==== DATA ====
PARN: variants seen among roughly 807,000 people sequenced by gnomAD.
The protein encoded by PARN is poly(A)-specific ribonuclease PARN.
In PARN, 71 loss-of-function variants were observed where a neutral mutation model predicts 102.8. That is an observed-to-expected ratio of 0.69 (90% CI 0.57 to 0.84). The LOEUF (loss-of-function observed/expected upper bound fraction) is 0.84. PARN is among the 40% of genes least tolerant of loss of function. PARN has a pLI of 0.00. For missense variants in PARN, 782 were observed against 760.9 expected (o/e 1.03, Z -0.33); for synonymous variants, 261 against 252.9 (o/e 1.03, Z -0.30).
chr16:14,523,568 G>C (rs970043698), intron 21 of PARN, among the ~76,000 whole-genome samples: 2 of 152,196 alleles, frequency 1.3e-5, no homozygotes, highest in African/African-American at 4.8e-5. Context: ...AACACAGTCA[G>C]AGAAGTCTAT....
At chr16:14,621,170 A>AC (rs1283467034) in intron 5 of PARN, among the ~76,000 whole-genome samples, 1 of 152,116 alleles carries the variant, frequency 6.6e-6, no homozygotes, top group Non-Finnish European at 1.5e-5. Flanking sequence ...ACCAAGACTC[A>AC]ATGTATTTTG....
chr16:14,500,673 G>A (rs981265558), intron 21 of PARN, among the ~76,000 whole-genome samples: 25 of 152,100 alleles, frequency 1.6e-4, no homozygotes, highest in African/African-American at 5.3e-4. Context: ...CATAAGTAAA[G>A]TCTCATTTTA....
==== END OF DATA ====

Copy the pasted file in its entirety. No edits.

PARN: variants seen among roughly 807,000 people sequenced by gnomAD.
The protein encoded by PARN is poly(A)-specific ribonuclease PARN.
In PARN, 71 loss-of-function variants were observed where a neutral mutation model predicts 102.8. That is an observed-to-expected ratio of 0.69 (90% CI 0.57 to 0.84). The LOEUF (loss-of-function observed/expected upper bound fraction) is 0.84. PARN is among the 40% of genes least tolerant of loss of function. PARN has a pLI of 0.00. For missense variants in PARN, 782 were observed against 760.9 expected (o/e 1.03, Z -0.33); for synonymous variants, 261 against 252.9 (o/e 1.03, Z -0.30).
chr16:14,523,568 G>C (rs970043698), intron 21 of PARN, among the ~76,000 whole-genome samples: 2 of 152,196 alleles, frequency 1.3e-5, no homozygotes, highest in African/African-American at 4.8e-5. Context: ...AACACAGTCA[G>C]AGAAGTCTAT....
At chr16:14,621,170 A>AC (rs1283467034) in intron 5 of PARN, among the ~76,000 whole-genome samples, 1 of 152,116 alleles carries the variant, frequency 6.6e-6, no homozygotes, top group Non-Finnish European at 1.5e-5. Flanking sequence ...ACCAAGACTC[A>AC]ATGTATTTTG....
chr16:14,500,673 G>A (rs981265558), intron 21 of PARN, among the ~76,000 whole-genome samples: 25 of 152,100 alleles, frequency 1.6e-4, no homozygotes, highest in African/African-American at 5.3e-4. Context: ...CATAAGTAAA[G>A]TCTCATTTTA....